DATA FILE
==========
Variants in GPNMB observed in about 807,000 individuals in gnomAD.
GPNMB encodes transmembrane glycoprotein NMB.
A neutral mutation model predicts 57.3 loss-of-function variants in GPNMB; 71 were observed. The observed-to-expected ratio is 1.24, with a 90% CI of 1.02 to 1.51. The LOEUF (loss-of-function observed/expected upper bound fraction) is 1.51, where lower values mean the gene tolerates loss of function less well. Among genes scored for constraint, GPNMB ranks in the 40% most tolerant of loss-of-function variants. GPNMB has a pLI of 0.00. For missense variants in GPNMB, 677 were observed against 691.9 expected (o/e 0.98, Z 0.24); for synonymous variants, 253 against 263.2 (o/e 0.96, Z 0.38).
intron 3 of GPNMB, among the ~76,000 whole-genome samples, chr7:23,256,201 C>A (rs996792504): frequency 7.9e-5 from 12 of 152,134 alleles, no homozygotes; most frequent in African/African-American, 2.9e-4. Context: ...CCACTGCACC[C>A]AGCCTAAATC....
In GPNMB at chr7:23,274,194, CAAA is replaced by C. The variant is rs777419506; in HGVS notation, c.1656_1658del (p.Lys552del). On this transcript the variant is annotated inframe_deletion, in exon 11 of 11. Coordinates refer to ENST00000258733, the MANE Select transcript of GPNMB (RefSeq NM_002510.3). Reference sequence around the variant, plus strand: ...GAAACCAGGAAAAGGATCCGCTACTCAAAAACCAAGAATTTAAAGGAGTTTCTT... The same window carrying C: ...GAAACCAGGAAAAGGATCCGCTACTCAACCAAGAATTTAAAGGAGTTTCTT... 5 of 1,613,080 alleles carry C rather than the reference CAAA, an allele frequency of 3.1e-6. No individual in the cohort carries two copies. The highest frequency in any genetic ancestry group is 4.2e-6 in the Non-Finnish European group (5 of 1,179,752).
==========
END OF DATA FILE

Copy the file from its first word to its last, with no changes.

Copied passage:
Variants in GPNMB observed in about 807,000 individuals in gnomAD.
GPNMB encodes transmembrane glycoprotein NMB.
A neutral mutation model predicts 57.3 loss-of-function variants in GPNMB; 71 were observed. The observed-to-expected ratio is 1.24, with a 90% CI of 1.02 to 1.51. The LOEUF (loss-of-function observed/expected upper bound fraction) is 1.51, where lower values mean the gene tolerates loss of function less well. Among genes scored for constraint, GPNMB ranks in the 40% most tolerant of loss-of-function variants. GPNMB has a pLI of 0.00. For missense variants in GPNMB, 677 were observed against 691.9 expected (o/e 0.98, Z 0.24); for synonymous variants, 253 against 263.2 (o/e 0.96, Z 0.38).
intron 3 of GPNMB, among the ~76,000 whole-genome samples, chr7:23,256,201 C>A (rs996792504): frequency 7.9e-5 from 12 of 152,134 alleles, no homozygotes; most frequent in African/African-American, 2.9e-4. Context: ...CCACTGCACC[C>A]AGCCTAAATC....
In GPNMB at chr7:23,274,194, CAAA is replaced by C. The variant is rs777419506; in HGVS notation, c.1656_1658del (p.Lys552del). On this transcript the variant is annotated inframe_deletion, in exon 11 of 11. Coordinates refer to ENST00000258733, the MANE Select transcript of GPNMB (RefSeq NM_002510.3). Reference sequence around the variant, plus strand: ...GAAACCAGGAAAAGGATCCGCTACTCAAAAACCAAGAATTTAAAGGAGTTTCTT... The same window carrying C: ...GAAACCAGGAAAAGGATCCGCTACTCAACCAAGAATTTAAAGGAGTTTCTT... 5 of 1,613,080 alleles carry C rather than the reference CAAA, an allele frequency of 3.1e-6. No individual in the cohort carries two copies. The highest frequency in any genetic ancestry group is 4.2e-6 in the Non-Finnish European group (5 of 1,179,752).